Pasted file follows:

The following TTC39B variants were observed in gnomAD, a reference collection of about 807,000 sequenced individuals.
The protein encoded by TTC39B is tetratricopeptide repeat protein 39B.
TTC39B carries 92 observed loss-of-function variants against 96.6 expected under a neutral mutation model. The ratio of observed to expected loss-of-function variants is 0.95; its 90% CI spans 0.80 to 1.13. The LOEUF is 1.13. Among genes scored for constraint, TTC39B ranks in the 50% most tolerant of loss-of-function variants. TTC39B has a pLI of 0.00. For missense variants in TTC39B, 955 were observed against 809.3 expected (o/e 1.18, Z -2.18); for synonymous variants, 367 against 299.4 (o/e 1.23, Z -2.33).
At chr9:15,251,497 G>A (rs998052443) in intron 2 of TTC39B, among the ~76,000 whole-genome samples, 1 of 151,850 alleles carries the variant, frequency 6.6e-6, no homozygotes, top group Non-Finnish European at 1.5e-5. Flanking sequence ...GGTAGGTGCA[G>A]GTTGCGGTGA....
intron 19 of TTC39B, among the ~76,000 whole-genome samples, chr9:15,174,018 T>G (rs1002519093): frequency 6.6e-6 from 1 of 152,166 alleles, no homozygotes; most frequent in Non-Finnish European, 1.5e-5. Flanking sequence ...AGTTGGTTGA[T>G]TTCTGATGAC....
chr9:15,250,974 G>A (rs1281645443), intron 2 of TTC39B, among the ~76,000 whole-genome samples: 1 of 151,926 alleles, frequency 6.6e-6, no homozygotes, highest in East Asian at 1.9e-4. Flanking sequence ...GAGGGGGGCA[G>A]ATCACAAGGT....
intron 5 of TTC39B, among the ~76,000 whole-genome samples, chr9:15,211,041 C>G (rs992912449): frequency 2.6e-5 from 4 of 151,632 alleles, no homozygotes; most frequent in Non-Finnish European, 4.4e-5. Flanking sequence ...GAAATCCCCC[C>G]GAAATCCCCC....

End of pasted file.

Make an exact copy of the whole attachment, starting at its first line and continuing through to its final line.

The following TTC39B variants were observed in gnomAD, a reference collection of about 807,000 sequenced individuals.
The protein encoded by TTC39B is tetratricopeptide repeat protein 39B.
TTC39B carries 92 observed loss-of-function variants against 96.6 expected under a neutral mutation model. The ratio of observed to expected loss-of-function variants is 0.95; its 90% CI spans 0.80 to 1.13. The LOEUF is 1.13. Among genes scored for constraint, TTC39B ranks in the 50% most tolerant of loss-of-function variants. TTC39B has a pLI of 0.00. For missense variants in TTC39B, 955 were observed against 809.3 expected (o/e 1.18, Z -2.18); for synonymous variants, 367 against 299.4 (o/e 1.23, Z -2.33).
At chr9:15,251,497 G>A (rs998052443) in intron 2 of TTC39B, among the ~76,000 whole-genome samples, 1 of 151,850 alleles carries the variant, frequency 6.6e-6, no homozygotes, top group Non-Finnish European at 1.5e-5. Flanking sequence ...GGTAGGTGCA[G>A]GTTGCGGTGA....
intron 19 of TTC39B, among the ~76,000 whole-genome samples, chr9:15,174,018 T>G (rs1002519093): frequency 6.6e-6 from 1 of 152,166 alleles, no homozygotes; most frequent in Non-Finnish European, 1.5e-5. Flanking sequence ...AGTTGGTTGA[T>G]TTCTGATGAC....
chr9:15,250,974 G>A (rs1281645443), intron 2 of TTC39B, among the ~76,000 whole-genome samples: 1 of 151,926 alleles, frequency 6.6e-6, no homozygotes, highest in East Asian at 1.9e-4. Flanking sequence ...GAGGGGGGCA[G>A]ATCACAAGGT....
intron 5 of TTC39B, among the ~76,000 whole-genome samples, chr9:15,211,041 C>G (rs992912449): frequency 2.6e-5 from 4 of 151,632 alleles, no homozygotes; most frequent in Non-Finnish European, 4.4e-5. Flanking sequence ...GAAATCCCCC[C>G]GAAATCCCCC....